LAS VEGAS—Is wireless changing the world? It just might be. In Afghanistan, for instance, wireless is the main mode of communication, according to Karim Khoja, CEO of Roshan Afghanistan, speaking at the opening keynote at CTIA Wireless here on April 5.
“Take all the land mines in the world, and you have more in Afghanistan alone,” he said. “It makes laying telephone lines and cable very dangerous.” Khoja was trying to be light-hearted about it, considering the situation of the war-torn country. But in fact, due to the mines and the rugged terrain, building a land-based communications infrastructure is near impossible.
Wireless is changing that. In 2003, there were only 30,000 mobile users in the country; now there are more than 1 million using wireless services from voting to Internet access to music downloads, he said.
Other speakers spoke about how, in the United States, the telecom industry is poised to build out an already large wireless infrastructure with more spectrum, and how wireless has become the “go-to” technology to help deal with natural disasters like last falls hurricane Katrina.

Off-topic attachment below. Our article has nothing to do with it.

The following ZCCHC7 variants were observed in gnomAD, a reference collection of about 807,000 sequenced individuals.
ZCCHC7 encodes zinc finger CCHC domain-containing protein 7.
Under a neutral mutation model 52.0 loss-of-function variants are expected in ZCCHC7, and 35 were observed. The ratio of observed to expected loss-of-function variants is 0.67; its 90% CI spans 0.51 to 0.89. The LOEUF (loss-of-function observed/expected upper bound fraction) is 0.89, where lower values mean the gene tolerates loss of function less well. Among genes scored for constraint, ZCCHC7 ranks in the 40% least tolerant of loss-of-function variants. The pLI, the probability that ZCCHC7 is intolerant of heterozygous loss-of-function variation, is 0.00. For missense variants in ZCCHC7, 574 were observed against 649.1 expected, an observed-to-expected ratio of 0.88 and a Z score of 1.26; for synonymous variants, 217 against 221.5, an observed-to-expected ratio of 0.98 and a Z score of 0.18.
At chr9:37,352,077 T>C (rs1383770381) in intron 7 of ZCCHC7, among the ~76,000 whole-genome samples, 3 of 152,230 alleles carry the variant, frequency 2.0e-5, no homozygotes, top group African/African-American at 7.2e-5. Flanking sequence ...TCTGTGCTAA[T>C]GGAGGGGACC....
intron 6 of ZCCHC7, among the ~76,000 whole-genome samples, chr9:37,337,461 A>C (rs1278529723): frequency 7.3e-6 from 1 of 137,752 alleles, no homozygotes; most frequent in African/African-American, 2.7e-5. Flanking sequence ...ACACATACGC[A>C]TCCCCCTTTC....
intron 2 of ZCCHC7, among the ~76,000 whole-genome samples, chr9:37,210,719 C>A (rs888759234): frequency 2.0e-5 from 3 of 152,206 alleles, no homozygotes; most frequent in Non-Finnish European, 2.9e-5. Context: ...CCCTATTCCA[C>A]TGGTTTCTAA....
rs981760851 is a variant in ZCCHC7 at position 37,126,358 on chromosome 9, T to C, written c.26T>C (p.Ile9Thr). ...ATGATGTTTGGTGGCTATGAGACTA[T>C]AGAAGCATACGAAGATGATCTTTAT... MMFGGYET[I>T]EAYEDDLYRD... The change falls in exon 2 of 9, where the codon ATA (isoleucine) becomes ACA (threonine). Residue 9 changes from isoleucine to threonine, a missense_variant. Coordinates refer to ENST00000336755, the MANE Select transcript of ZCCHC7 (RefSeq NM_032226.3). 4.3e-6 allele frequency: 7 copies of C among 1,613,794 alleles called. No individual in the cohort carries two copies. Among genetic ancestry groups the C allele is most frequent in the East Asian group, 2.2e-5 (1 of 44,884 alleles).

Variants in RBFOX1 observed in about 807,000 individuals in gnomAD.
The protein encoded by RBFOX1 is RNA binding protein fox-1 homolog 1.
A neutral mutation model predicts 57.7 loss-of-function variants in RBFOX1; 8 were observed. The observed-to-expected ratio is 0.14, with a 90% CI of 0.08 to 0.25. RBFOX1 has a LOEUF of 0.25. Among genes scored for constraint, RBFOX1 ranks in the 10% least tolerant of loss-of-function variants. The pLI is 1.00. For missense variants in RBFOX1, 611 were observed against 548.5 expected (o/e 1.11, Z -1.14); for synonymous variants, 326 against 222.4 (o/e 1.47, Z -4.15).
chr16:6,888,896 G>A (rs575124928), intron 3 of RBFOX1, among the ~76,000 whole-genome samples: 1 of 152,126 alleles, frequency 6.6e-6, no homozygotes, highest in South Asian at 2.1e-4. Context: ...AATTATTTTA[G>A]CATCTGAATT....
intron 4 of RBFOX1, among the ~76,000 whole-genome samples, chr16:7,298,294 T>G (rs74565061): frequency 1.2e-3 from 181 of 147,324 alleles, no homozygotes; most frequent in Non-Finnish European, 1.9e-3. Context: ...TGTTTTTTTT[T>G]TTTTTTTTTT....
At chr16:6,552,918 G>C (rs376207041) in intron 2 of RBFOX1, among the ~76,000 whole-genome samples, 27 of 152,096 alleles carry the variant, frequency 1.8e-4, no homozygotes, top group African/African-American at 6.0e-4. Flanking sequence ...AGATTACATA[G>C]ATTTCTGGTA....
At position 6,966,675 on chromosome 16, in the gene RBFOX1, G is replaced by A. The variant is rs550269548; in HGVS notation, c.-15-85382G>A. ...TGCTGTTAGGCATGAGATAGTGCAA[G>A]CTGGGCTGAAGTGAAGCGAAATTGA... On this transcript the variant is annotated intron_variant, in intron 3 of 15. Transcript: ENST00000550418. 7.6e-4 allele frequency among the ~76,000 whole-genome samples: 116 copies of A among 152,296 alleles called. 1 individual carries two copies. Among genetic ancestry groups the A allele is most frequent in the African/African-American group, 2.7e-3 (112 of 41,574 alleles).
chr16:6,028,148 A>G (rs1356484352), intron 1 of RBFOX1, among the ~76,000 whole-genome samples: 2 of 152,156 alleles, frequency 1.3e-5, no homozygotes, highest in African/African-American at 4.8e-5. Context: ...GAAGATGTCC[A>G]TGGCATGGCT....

“Wireless is less dependent on a fixed infrastructure,” said FCC Chairman Kevin Martin, in a chat with CTIA CEO Steve Largent. “It can absorb natural disasters better and can be put back in place faster. It is more resilient and robust to come back into service when disaster happens.”
Martin said increasing spectrum is his No. 1 priority. The FCC will hold an auction for Advance Wireless Services in June and is preparing to auction off the 700MHz band after that, with companies like Microsoft and Google already lining up, Martin said.
“There needs to be enough capacity to provide services, as wireless is becoming a substitute for other modes of communication,” said Martin, adding that AWS and 700MHz auctions will double the amount of bandwidth available.
“700 is important because of its technical characteristics, enabling rich data, requiring low power, and its ability to penetrate walls,” he said.
Martin said the FCC will continue its policy of a “light regulatory” touch on the wireless industry, to enable services to flourish and innovation to prosper, and to maintain a level playing field for all providers. He also will push forward initiatives to increase access for disabled users.